Republican member of Congress Henry J. Hyde opened a budget hearing of the House International Relations Committee on February 16 with a speech he called “Perils of the Golden Theory.” A reporter for National Public Radio called it flowery. I found it to be eloquent and nuanced, with a profundity one rarely encounters at a congressional budget hearing.
John Mearsheimer, an expert in international relations at the University of Chicago, and Stephen Walt, academic dean of Harvard University’s John F. Kennedy School of Government, have issued what United Press International calls “a searing attack on the role and power of Washington’s pro-Israel lobby.” Their study, “The Israel Lobby and U.S.
Congressional leaders from both parties responded quickly to White House approval of a deal that allows Dubai Ports World company, owned by the United Arab Emirates, to control shipping operations in New York, Philadelphia, New Orleans, New Jersey, Baltimore and Miami. A few days later, Congress woke up to the reality that corporate takeovers are commonplace in our global economy.
Hamas was formed in 1987 as an Islamist movement in opposition to Israel. It was linked to Egypt’s Muslim Brotherhood. In spite of its resistance rhetoric, the organization received early covert backing and financial support from Israel.
In Oscar nominee Crash, writer-director Paul Haggis examines the U.S. racial divide in a series of interconnected short dramas that reach a powerful conclusion. It is a painful film to watch because Haggis offers no comfortable side with which the viewer can identify—until, that is, a conclusion provides a note of grace-filled hope. The racial bias of both black and white characters is exposed, leaving everyone culpable. As in many Krzysztof Kieslowski films, there are moments that suggest a transcendent hand is at work.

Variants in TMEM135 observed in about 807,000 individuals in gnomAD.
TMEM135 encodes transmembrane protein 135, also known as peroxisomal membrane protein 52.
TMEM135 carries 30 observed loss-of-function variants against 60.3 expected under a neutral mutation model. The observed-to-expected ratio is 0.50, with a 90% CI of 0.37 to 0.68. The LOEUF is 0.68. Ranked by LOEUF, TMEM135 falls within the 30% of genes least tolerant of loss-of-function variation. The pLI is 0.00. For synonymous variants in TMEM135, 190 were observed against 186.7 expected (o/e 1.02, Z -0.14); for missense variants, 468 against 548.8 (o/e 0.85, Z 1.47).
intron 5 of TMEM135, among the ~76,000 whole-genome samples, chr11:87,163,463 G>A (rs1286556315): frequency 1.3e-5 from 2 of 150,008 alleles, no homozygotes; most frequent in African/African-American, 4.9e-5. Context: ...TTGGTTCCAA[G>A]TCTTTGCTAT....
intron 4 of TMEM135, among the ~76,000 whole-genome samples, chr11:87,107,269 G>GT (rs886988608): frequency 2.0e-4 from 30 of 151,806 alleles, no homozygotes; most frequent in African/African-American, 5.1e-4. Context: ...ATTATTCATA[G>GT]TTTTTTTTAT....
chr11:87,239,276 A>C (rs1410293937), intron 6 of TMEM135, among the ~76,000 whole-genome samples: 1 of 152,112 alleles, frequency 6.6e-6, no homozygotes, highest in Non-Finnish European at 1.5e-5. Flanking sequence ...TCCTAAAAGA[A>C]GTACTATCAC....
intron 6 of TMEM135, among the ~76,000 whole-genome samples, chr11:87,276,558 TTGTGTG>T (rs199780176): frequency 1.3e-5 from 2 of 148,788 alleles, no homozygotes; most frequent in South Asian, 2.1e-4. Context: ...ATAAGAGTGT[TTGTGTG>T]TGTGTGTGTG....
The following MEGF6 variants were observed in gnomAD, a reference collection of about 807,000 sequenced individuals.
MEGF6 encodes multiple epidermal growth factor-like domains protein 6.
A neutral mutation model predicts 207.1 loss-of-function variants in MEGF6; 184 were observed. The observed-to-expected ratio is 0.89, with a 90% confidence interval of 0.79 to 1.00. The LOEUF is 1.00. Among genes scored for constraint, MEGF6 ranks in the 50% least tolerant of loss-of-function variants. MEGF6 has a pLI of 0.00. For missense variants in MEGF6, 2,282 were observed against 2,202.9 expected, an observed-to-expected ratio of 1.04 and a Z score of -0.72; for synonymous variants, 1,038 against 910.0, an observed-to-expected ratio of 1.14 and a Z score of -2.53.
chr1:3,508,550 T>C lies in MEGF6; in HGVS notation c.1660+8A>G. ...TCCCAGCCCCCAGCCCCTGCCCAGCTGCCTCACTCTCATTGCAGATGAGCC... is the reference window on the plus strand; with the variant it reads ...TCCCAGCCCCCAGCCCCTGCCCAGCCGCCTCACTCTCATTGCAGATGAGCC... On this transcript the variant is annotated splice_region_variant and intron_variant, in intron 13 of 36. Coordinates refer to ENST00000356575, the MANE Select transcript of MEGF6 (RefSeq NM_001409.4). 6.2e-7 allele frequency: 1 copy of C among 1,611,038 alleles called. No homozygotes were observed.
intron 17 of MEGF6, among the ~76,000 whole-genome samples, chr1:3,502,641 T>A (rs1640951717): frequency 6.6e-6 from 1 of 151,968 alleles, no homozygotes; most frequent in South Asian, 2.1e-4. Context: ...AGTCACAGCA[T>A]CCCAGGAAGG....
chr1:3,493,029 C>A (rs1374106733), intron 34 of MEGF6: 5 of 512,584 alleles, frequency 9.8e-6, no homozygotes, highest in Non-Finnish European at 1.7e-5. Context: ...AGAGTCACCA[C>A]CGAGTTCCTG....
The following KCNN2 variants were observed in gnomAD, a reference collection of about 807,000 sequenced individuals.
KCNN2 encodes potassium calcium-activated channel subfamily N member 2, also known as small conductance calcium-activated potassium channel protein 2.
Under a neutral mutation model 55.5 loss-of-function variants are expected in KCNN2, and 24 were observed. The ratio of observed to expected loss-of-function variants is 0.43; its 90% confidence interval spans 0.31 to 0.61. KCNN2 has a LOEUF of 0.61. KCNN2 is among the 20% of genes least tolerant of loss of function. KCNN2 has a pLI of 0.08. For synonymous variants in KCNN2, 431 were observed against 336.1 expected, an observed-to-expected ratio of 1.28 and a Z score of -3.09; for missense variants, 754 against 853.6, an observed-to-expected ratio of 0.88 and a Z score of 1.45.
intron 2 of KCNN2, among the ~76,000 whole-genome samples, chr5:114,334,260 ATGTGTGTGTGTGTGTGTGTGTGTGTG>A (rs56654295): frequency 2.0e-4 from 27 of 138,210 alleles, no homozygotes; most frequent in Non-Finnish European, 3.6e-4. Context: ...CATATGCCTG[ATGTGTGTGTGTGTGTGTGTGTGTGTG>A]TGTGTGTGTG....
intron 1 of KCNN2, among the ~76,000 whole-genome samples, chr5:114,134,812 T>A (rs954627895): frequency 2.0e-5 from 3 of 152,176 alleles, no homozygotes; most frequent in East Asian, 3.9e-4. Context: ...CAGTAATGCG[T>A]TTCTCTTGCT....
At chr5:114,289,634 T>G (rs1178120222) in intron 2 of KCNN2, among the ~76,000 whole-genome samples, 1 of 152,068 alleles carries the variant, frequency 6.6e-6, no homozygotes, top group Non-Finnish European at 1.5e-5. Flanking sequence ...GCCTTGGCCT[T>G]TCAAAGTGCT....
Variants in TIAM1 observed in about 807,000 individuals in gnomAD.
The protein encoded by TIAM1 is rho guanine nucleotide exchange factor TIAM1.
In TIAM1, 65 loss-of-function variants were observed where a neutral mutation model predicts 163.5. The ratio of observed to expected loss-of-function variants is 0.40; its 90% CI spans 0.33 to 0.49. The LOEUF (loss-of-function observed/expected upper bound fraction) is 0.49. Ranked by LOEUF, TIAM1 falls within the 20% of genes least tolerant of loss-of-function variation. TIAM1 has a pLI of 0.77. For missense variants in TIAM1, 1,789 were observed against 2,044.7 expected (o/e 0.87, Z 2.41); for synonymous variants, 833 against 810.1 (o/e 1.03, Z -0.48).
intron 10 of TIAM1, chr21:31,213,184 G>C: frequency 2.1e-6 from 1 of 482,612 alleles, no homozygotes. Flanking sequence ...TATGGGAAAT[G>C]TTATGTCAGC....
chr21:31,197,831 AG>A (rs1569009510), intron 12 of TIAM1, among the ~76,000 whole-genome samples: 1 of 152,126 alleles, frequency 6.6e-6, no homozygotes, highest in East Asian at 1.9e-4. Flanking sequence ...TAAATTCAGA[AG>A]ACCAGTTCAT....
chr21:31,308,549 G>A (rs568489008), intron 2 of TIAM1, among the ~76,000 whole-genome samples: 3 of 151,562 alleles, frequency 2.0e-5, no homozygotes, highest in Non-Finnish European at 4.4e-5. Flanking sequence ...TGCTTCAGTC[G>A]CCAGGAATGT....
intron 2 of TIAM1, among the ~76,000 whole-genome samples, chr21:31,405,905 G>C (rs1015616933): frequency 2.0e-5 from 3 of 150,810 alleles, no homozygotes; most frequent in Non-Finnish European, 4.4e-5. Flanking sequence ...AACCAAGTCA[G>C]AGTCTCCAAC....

Newsweek magazine’s cover story “Bush in the Bubble” (December 10) features an image of the president trapped inside a bubble. It’s an insightful story that does not go far enough. It is not just the president who is in a bubble: a substantial number of Americans are floating in a bubble too. For that we can thank the establishment media, including Newsweek.
Signs of hope from Israel and Palestinian are so rare that when two such signs emerge only 48 hours apart, it is time to rejoice. The first sign of hope was well reported. When Secretary of State Condoleezza Rice stopped in Jerusalem on her way to the Asia-Pacific summit meeting, she was handed a memorandum that prompted her to delay her trip.
Movies shape perceptions. We can read about bombings in London, hostage taking in Amsterdam or moral crises facing a community, but the film artist can create a work that changes how we think about the events that the mass media have presented.
Despite a growing protest movement against the Iraq war, President Bush remains determined to “stay the course.” He offers sympathy to grieving parents, but his attention seems to be elsewhere. So he seemed not to notice the people gathered along the roadside when, on a recent hot August day, his limousine drove past a crowd of Gold Star Mothers and their supporters.
Among the messages of sympathy that poured into London following the July 7 bombings were condolences from the governments of Egypt, Syria, Saudi Arabia, Morocco, Iran, Turkey—all nations with majority Muslim populations—and at least two Muslim nongovernmental groups: Hamas and Hezbollah.